Hi Marlene. Thank you for your reply and suggestions. I'm familiar with the Immersion Program and it's possible it could work for her. One issue we have is a severe food allergy so living away from home requires some safety issues when it comes to food. It also impacts a potential job as she cannot work with food or cleaning. I don't want her to anyway. We've done lots of person centered planning with her, she has a beautiful resume and work experience from her 5 years attending Perkins School for the Blind, Deaf-Blind Program and currently has a volunteer job that she really likes but the work is cyclical. They have many mailings and sometimes projects for their religious school that she puts together. She's very good at the job and her Community Habilitation person goes with her for support. Her other job is new with our Historical Society but it is research work and then a write up for their next museum display on one topic. But this job she is doing from home with her college mentor (she does a special college program but they come to us due to the potential for behavior issues on site). We do Self Directed Services in NY State and she receives a budget, we self hire staff and I build her day based on her needs and interests. Managing the budget and her days is a job in and of itself and I was hoping to have "experts" work with her to find a part time job. She has many skills and her behaviors stem from more internally based issues related to anxiety and OCD but can be managed in the right environment and also with an employer that is understanding and flexible. Her staff person goes with her everywhere - college program, volunteer job, drum lessons, gym for working out and taking water aerobics, daily living activities, and so forth.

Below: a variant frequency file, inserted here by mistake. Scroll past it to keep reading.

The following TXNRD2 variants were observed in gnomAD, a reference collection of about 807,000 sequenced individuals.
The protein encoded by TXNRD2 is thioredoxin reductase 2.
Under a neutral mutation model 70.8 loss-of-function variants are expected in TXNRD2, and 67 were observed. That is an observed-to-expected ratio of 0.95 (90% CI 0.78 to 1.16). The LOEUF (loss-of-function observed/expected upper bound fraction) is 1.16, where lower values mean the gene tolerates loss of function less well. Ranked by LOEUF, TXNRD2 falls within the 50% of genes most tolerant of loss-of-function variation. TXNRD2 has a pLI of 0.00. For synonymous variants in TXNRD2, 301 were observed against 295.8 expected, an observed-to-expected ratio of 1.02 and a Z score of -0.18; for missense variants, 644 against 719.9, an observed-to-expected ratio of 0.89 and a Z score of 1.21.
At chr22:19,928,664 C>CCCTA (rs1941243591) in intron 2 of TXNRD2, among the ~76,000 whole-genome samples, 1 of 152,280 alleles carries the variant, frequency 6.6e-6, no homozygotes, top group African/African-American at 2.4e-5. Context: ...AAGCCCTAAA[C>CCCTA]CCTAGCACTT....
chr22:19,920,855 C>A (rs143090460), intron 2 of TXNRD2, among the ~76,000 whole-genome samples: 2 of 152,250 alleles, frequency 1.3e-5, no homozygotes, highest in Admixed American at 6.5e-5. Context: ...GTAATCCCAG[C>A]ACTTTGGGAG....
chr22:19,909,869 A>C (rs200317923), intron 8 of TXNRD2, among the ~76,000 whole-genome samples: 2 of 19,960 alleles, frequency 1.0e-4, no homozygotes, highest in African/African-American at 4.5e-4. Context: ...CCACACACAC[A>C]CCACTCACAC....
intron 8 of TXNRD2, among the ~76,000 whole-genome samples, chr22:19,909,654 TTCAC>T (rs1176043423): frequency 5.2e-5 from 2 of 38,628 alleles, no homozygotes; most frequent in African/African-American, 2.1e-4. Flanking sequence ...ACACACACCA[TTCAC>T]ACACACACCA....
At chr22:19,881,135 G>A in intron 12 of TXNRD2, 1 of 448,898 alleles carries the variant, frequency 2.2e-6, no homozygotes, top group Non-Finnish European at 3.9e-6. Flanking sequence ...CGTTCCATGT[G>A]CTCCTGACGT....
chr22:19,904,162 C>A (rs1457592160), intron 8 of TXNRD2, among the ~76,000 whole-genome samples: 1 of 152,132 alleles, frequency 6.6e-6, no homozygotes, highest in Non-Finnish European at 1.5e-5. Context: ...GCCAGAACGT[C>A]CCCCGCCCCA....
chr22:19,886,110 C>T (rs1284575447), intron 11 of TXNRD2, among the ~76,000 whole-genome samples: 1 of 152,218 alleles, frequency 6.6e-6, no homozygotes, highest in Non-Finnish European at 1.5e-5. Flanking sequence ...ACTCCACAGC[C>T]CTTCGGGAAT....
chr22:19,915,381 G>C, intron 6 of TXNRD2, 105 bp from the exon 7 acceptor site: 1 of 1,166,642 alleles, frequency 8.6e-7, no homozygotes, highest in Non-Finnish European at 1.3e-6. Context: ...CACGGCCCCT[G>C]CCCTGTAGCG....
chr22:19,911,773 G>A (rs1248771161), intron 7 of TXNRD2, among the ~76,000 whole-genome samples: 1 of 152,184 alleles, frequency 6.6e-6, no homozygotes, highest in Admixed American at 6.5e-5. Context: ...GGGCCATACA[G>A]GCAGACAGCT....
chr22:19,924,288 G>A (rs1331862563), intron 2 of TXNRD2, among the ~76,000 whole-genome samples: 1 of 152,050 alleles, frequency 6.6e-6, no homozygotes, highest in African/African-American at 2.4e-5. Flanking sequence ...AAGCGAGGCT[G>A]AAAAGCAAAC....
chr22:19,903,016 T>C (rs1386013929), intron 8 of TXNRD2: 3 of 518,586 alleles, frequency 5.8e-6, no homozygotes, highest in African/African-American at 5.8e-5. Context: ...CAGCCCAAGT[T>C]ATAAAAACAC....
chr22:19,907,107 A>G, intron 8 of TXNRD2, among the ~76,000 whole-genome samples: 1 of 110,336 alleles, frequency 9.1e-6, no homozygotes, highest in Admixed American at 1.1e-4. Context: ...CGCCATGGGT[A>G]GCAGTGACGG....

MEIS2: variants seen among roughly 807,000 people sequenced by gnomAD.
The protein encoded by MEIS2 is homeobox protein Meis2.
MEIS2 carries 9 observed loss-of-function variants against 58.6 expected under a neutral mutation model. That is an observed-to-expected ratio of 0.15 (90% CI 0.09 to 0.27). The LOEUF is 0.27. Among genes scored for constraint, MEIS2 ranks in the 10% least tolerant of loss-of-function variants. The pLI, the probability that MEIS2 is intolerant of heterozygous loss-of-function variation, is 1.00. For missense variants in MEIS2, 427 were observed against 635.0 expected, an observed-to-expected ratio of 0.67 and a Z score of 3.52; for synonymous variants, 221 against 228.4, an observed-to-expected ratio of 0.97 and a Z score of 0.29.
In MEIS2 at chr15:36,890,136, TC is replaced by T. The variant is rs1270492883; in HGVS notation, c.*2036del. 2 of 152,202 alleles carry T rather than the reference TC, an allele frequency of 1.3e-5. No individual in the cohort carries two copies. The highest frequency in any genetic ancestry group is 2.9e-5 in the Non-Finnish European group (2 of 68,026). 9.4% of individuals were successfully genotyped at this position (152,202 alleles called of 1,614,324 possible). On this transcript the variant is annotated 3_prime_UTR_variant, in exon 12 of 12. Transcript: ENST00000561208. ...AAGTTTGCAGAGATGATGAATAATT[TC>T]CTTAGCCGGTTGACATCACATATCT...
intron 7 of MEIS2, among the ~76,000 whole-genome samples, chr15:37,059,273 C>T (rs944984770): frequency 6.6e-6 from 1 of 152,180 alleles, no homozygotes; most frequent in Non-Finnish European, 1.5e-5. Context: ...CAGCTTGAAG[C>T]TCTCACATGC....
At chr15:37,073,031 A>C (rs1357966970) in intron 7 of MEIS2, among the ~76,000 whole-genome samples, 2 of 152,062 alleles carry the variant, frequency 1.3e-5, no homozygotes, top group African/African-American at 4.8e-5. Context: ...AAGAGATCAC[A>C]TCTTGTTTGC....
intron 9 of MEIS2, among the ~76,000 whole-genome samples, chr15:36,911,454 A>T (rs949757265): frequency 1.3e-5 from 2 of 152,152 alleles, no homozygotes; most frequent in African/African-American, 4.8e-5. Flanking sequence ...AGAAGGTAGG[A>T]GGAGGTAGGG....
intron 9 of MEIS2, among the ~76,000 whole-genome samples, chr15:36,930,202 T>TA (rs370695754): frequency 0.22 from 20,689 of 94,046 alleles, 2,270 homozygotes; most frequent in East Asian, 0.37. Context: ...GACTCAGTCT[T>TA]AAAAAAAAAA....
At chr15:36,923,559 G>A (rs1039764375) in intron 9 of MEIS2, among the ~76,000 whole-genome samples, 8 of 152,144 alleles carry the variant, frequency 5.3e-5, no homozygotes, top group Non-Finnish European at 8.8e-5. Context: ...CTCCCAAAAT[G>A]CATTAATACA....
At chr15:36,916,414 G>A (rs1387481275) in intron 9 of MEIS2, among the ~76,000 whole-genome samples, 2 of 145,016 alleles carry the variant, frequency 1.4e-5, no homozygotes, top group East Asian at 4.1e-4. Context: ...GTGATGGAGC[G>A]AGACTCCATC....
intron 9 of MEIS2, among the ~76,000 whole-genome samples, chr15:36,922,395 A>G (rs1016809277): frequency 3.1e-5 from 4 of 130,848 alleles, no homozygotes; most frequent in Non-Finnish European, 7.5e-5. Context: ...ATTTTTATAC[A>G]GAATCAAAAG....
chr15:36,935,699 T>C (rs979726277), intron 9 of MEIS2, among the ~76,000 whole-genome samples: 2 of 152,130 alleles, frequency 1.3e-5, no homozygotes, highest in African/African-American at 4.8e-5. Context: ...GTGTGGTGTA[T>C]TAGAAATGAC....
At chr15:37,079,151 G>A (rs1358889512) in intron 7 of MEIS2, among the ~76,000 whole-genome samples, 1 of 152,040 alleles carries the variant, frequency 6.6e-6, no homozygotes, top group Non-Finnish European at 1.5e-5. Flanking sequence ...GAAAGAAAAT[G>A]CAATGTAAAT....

Sheri Stanger

Posted 11 Mo. Ago by Sheri Stanger

Hi Sheri,